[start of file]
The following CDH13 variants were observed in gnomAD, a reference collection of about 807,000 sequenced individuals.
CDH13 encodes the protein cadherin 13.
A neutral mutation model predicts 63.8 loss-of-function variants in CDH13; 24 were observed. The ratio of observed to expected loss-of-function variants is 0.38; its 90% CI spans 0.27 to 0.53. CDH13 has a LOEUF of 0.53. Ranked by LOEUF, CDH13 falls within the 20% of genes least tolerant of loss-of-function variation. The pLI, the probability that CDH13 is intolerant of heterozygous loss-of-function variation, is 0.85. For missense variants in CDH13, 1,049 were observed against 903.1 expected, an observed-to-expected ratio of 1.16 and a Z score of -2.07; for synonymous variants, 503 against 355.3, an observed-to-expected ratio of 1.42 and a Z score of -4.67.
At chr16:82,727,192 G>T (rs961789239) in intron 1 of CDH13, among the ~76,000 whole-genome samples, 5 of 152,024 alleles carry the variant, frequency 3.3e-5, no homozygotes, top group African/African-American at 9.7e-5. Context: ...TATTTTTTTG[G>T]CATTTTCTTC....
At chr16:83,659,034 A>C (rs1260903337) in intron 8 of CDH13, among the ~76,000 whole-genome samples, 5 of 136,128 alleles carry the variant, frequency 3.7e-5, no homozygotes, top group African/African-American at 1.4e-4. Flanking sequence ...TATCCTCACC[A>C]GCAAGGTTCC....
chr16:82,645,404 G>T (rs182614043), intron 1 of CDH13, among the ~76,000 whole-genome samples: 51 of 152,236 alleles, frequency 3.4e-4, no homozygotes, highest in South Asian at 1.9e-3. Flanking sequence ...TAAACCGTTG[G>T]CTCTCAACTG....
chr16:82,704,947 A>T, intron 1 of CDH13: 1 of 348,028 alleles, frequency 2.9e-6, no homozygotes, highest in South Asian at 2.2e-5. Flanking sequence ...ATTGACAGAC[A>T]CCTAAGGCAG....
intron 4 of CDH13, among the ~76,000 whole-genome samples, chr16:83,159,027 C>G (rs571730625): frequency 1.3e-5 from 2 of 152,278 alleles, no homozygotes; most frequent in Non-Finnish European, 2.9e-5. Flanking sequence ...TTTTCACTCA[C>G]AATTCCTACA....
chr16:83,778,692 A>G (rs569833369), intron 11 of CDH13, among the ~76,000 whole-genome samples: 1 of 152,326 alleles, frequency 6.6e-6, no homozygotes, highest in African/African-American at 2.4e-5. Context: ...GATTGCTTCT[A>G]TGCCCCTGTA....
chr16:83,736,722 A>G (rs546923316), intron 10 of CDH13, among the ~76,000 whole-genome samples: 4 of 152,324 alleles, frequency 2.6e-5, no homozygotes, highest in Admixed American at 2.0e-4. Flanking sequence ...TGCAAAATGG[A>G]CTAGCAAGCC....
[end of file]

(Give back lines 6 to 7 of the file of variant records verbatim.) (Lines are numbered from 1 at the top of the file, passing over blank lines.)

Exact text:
chr16:82,645,404 G>T (rs182614043), intron 1 of CDH13, among the ~76,000 whole-genome samples: 51 of 152,236 alleles, frequency 3.4e-4, no homozygotes, highest in South Asian at 1.9e-3. Flanking sequence ...TAAACCGTTG[G>T]CTCTCAACTG....
chr16:82,704,947 A>T, intron 1 of CDH13: 1 of 348,028 alleles, frequency 2.9e-6, no homozygotes, highest in South Asian at 2.2e-5. Flanking sequence ...ATTGACAGAC[A>T]CCTAAGGCAG....